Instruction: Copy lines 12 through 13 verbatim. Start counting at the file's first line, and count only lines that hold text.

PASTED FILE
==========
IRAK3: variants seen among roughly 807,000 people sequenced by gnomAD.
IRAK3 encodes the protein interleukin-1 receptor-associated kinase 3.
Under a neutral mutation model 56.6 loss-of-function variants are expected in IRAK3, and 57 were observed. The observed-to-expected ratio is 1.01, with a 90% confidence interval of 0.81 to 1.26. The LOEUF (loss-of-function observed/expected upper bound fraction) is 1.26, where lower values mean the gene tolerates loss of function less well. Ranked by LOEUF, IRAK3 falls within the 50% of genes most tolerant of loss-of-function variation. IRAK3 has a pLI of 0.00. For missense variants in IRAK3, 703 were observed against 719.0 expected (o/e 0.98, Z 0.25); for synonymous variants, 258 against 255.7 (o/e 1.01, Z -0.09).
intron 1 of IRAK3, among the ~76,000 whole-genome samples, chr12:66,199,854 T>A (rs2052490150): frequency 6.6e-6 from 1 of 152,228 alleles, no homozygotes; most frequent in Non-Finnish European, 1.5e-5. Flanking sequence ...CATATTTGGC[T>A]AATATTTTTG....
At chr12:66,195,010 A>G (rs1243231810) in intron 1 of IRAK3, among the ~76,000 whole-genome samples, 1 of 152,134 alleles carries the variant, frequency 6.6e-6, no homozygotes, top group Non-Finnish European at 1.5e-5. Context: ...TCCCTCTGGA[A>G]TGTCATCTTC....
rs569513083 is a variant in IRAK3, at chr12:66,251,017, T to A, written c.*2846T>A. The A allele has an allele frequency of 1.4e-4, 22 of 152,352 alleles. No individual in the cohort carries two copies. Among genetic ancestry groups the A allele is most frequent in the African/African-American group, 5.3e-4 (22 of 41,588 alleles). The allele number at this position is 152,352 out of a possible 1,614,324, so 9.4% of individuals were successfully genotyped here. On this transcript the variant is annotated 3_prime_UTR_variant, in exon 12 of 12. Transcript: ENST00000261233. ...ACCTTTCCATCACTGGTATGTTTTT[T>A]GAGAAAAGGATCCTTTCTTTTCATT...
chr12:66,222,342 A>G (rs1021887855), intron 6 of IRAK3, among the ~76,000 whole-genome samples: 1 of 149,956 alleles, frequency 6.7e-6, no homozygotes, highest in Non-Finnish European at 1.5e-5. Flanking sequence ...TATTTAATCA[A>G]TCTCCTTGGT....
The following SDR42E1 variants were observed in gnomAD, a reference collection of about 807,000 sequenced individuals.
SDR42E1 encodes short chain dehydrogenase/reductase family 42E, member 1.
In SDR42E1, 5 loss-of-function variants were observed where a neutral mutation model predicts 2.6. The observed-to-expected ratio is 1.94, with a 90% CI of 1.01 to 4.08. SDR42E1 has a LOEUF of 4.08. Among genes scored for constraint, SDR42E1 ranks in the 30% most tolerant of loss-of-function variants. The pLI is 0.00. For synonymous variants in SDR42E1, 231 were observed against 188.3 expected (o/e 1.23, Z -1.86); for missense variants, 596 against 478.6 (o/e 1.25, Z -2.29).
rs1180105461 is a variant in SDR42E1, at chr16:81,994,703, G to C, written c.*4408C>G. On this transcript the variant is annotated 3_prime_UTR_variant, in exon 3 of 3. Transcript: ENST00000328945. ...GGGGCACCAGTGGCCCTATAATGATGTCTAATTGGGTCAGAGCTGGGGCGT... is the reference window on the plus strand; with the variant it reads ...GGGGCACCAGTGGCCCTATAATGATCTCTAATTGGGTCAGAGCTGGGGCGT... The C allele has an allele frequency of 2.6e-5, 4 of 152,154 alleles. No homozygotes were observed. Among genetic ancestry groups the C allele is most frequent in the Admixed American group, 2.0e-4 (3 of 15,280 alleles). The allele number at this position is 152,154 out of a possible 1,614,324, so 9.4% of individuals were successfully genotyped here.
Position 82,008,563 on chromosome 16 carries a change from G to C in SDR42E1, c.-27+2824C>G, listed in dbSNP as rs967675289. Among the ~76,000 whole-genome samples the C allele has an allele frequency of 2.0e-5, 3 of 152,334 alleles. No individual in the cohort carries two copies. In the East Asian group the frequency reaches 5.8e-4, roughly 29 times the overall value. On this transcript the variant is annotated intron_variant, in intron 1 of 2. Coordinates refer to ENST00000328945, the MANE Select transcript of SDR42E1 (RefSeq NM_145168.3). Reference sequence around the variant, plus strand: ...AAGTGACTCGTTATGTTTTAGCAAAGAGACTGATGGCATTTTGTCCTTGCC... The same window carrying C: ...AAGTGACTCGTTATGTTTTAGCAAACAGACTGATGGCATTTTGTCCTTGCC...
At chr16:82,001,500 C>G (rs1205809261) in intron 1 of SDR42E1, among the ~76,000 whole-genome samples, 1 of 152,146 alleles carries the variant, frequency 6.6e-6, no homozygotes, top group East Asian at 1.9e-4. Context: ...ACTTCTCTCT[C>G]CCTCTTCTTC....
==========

Position 82,008,563 on chromosome 16 carries a change from G to C in SDR42E1, c.-27+2824C>G, listed in dbSNP as rs967675289. Among the ~76,000 whole-genome samples the C allele has an allele frequency of 2.0e-5, 3 of 152,334 alleles. No individual in the cohort carries two copies. In the East Asian group the frequency reaches 5.8e-4, roughly 29 times the overall value. On this transcript the variant is annotated intron_variant, in intron 1 of 2. Coordinates refer to ENST00000328945, the MANE Select transcript of SDR42E1 (RefSeq NM_145168.3). Reference sequence around the variant, plus strand: ...AAGTGACTCGTTATGTTTTAGCAAAGAGACTGATGGCATTTTGTCCTTGCC... The same window carrying C: ...AAGTGACTCGTTATGTTTTAGCAAACAGACTGATGGCATTTTGTCCTTGCC...
At chr16:82,001,500 C>G (rs1205809261) in intron 1 of SDR42E1, among the ~76,000 whole-genome samples, 1 of 152,146 alleles carries the variant, frequency 6.6e-6, no homozygotes, top group East Asian at 1.9e-4. Context: ...ACTTCTCTCT[C>G]CCTCTTCTTC....